Joshua-Klitschko is coming. Yesterday we explained – in 12 simple steps – why Wladimir Klitschko can emerge victorious on April 29 at Wembley Stadium. Now we make the case for Anthony Joshua. How do you think it will go?

Round One – Joshua’s youth will be served: Joshua at age 27 is entering his prime, Klitschko age 41 is past his. We are more likely will see an old Klitschko rather than the old one.

Round Two – Joshua has home advantage: The fight is in the UK. Any athlete will tell you that home advantage gives them an edge over their opponent. Klitschko is used to having the crowd behind him, but for this fight he won’t.

Round Three – Joshua is familiar with Klitschko’s style: Joshua served as Klitschko’s sparring partner on the way up. Those sessions probably left more of an impression on him than they did Klitschko. As a young fighter at the time, Joshua probably picked things up that he can now put to good use against the former champion.

Round Four – Joshua has more confidence: Although Klitschko has accomplished more, he has also tasted defeat on a few occasions. Joshua is an undefeated Olympic gold medalist who will enter the ring with a feeling of invincibility, something Klitschko no longer has.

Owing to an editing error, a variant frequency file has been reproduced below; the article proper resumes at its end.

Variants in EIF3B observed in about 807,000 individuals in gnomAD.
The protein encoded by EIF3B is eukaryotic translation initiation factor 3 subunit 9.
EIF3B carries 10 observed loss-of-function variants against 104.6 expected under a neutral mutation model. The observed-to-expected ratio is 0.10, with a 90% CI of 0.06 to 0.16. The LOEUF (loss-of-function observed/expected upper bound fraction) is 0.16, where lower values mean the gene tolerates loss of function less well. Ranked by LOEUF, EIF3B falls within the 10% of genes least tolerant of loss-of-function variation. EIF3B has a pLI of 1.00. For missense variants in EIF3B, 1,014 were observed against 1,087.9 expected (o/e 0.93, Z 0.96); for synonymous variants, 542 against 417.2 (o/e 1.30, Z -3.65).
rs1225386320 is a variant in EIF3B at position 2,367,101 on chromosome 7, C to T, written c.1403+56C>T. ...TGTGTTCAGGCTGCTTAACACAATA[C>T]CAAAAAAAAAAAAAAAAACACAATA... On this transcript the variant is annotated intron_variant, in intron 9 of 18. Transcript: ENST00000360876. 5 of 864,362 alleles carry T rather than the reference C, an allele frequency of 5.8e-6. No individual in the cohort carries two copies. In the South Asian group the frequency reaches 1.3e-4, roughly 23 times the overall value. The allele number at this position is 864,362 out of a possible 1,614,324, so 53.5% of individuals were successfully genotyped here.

Round Five –  This is Joshua’s destiny: Joshua is generally looked upon as the heir apparent to the throne. His future is ahead of him.  The stars seemed to be aligned for Joshua to be the next in the line of great heavyweight champions.


PARTY TIME: Joshua celebrates winning the IBF title

Round Six – Joshua is more talented: It is quite possible that Joshua could have beaten a younger version of Klitschko. If so, he certainly should be able to handle this older one.

Round Seven – Joshua’s motivation is greater: For Joshua this is the ultimate challenge. Not so for Klitschko who would much rather be participating in a rematch against conqueror Tyson Fury. If Klitschko loses people will attribute it to his being in decline, but if Joshua is defeated he might never be able to live it down.


RECENT FORM: Klitschko [left] struggles against Fury

Round Eight – Joshua has been more active: It has been well over a year since Klitschko fought. Joshua has been fighting all along. Klitschko is not only going to have to cope with Joshua, but he will have to overcome ring rust as well.

Round Nine – Joshua hits harder: Joshua is arguably the hardest puncher in the heavyweight division. He is much more likely to end the contest with one punch than is Klitschko.

Round 10 – History is on Joshua’s side: If boxing history has taught us anything it is that the young Lion nearly always beats the older one. One can easily see Joshua disposing of Klitschko much the same way that Rocky Marciano did Joe Louis.

IN WITH THE NEW: Marciano walks away from the ageing Louis

IN WITH THE NEW: Marciano walks away from the ageing Louis

Round 11– Klitschko is overrated: Based on his body of work, Klitschko is a lock for the Hall of Fame in his first year of eligibility, but few of his opponents were of the quality of Joshua. Had Klitschko been forced to box against higher caliber opponents then his career might not have been nearly as successful as it was. What were Klitschko’s best wins? Find out HERE.

Round 12 – Joshua can handle the pressure of a mega–fight: Some athletes fold up under pressure and others thrive on it. Joshua seems to fall under the category of the latter, a man who will seize the opportunity of a lifetime and run with it.